Review: Thomas Mogford – Hollow Mountain

TMThomas Mogford is an author that I’ve been meaning to try for a while but other priorities have got in the way. However, carrying out my resolve to move my reading to other parts of Europe, I picked up Hollow Mountain as I was attracted to its Gibraltar location. I’m glad I did because Mogford is a seriously good writer. He manages to combine tense plotting with excellent prose and has produced a book a cut above the ordinary crime thriller. I wish I’d tried his books earlier.

Lawyer Spike Sanguinetti is in Genoa looking for his missing ex-girlfriend who telephones him to say she doesn’t want to be found and that the lives of his family are at risk. Spike is called back to Gibraltar when his partner becomes the victim of a hit and run accident which may have been a result of him being deliberately targeted. Spike picks up his partner’s outstanding cases which include a missing husband and a salvage company looking for silver bullion in a wreck in the Straits. Both cases lead him into violent confrontation with those looking to protect their financial interests.

Gibraltar is a place that I know little about so it was fascinating to read the descriptions of the baking hot landscape with its lacklustre buildings and slightly bored tourists. The perennial conflict with the Spanish border is constantly referred to and adds to both the tension in the book and the sense of a place brought to life. The landscape plays an important role in the narrative and we get glimpses not only of the tourist Gibraltar populated with its Barbary apes but also of the local community struggling to make a decent life in sub-standard housing.

Hollow Mountain is fairly shocking in terms of its depictions of violence but the author has done well to strike a balance between making the brutality graphic without seeming gratuitous. Although I’ve started reading the series with book three, I’ll definitely look out for the earlier novels, given the quality of the prose. Mogford really is an excellent writer and reminds me a little of another talented author, Adrian McKinty.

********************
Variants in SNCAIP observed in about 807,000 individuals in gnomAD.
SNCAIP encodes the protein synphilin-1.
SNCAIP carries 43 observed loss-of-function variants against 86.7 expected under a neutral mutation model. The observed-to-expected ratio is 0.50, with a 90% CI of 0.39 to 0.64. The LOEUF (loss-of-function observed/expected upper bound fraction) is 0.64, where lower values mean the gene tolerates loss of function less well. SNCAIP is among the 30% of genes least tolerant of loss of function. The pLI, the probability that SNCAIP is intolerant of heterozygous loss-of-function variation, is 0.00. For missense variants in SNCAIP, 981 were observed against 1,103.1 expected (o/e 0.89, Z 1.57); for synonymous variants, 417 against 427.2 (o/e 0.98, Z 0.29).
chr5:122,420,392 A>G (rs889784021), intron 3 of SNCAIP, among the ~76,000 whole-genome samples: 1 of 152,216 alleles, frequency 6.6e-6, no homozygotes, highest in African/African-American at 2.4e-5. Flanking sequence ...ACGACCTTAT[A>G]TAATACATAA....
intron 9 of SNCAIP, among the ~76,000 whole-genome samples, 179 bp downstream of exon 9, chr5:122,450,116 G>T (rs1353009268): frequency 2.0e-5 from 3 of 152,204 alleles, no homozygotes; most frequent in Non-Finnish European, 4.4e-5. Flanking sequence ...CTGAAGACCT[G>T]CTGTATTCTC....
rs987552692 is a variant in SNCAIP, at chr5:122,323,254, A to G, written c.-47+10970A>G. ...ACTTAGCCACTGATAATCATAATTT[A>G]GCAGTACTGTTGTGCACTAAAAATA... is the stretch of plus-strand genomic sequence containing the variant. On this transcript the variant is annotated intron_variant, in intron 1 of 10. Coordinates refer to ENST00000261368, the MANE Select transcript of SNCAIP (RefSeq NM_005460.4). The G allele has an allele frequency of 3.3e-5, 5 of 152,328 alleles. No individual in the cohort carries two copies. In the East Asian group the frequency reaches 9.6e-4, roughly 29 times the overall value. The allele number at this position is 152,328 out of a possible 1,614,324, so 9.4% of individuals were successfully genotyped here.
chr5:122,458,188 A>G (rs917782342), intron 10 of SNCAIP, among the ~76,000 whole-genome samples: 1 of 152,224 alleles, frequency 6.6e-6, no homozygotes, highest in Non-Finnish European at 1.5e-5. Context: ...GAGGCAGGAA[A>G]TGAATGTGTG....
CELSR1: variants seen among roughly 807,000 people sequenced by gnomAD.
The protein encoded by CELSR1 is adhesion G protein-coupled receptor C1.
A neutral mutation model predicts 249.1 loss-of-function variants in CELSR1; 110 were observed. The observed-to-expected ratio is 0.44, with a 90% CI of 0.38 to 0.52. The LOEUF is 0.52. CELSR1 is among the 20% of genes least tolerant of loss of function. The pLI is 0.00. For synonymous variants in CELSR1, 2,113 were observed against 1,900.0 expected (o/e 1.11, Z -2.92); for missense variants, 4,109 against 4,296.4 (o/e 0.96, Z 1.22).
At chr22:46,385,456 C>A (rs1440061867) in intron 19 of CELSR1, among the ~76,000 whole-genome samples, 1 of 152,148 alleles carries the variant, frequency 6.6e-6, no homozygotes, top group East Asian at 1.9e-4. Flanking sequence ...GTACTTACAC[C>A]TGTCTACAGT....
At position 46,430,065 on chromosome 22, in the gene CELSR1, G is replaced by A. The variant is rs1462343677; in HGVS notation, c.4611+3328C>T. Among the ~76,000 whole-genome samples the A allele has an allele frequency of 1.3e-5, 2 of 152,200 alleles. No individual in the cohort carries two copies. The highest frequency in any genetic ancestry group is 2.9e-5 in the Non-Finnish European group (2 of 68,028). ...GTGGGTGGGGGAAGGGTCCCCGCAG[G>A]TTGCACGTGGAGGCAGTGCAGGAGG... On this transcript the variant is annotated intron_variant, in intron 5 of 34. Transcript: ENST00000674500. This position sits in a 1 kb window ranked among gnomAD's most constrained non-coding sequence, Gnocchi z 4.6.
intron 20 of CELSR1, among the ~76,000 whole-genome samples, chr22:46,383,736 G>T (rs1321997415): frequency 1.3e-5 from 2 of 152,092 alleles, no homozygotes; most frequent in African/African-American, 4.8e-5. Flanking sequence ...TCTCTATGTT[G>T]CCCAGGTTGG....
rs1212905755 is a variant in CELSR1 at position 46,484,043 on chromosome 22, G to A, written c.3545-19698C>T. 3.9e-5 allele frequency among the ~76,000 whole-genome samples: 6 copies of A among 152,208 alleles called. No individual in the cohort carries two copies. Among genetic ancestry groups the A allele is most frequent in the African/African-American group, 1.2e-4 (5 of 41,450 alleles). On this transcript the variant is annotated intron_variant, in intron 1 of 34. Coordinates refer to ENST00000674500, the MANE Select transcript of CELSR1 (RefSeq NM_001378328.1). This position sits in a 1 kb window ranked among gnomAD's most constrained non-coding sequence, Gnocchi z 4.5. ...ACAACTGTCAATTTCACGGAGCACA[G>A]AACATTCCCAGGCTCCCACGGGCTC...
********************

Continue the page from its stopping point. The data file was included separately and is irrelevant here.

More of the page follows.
Thanks to Bloomsbury for my review copy.



17 thoughts on “Review: Thomas Mogford – Hollow Mountain

  1. I’ve never heard of this author before, but it’s always interesting finding a new crime novel location – opens up the world a bit more to me! Damn Sarah, you just keep adding to my stacks! Plus you get through so many books…how do you do it??!


  2. Margot Kinberg

    Sarah – I’ve had my eye on Mogford too! I remember thinking the series might be interesting when the first book came out but I’ve not yet tried it. Thanks for the nudge to look for this series. Seems I’ve been missing out on something good…


  3. It’s great when you find a new author to enthuse over. I may pass due to the size of the stacks, but if the page count on Amazon is accurate – 240, it’s a temptation.


  4. Based on what I see at the author’s website and your description, the books sound a bit too thrillerish for me. But… on the other hand, good writing and a unique setting is very appealing. I will put this on the maybe list and keep a lookout for them at book sales.


  5. Kathy D.

    Help! I’m in duality here. I like to investigate new locations, Gibraltar being one I’ve never encountered before, but the stacks here are growling and the library reserves aren’t decreasing. Plus the violence
    may be too much, but I’ll put it on the TBR mountain.


  6. Sarah, I read about the Barbary monkeys on the Rock of Gibraltar in Paul Gallico’s “Scruffy” who by the way is a notoriously mischievous monkey. The story is set during the British-Spanish war over occupation of the promontory. This wasn’t crime fiction but it’d be interesting to read a mystery set in Gibraltar.


    1. Thanks for the tip-off about the Gallico story, Prashant. I don’t know much about Gibraltar too and this book has definitely piqued my interest.


  7. Pingback: Thomas Mogford- Hollow Mountain | Raven Crime Reads

  8. Pingback: My Top Five Reads of 2014 | crimepieces

  9. Pingback: Review: Thomas Mogford – Sleeping Dogs | crimepieces

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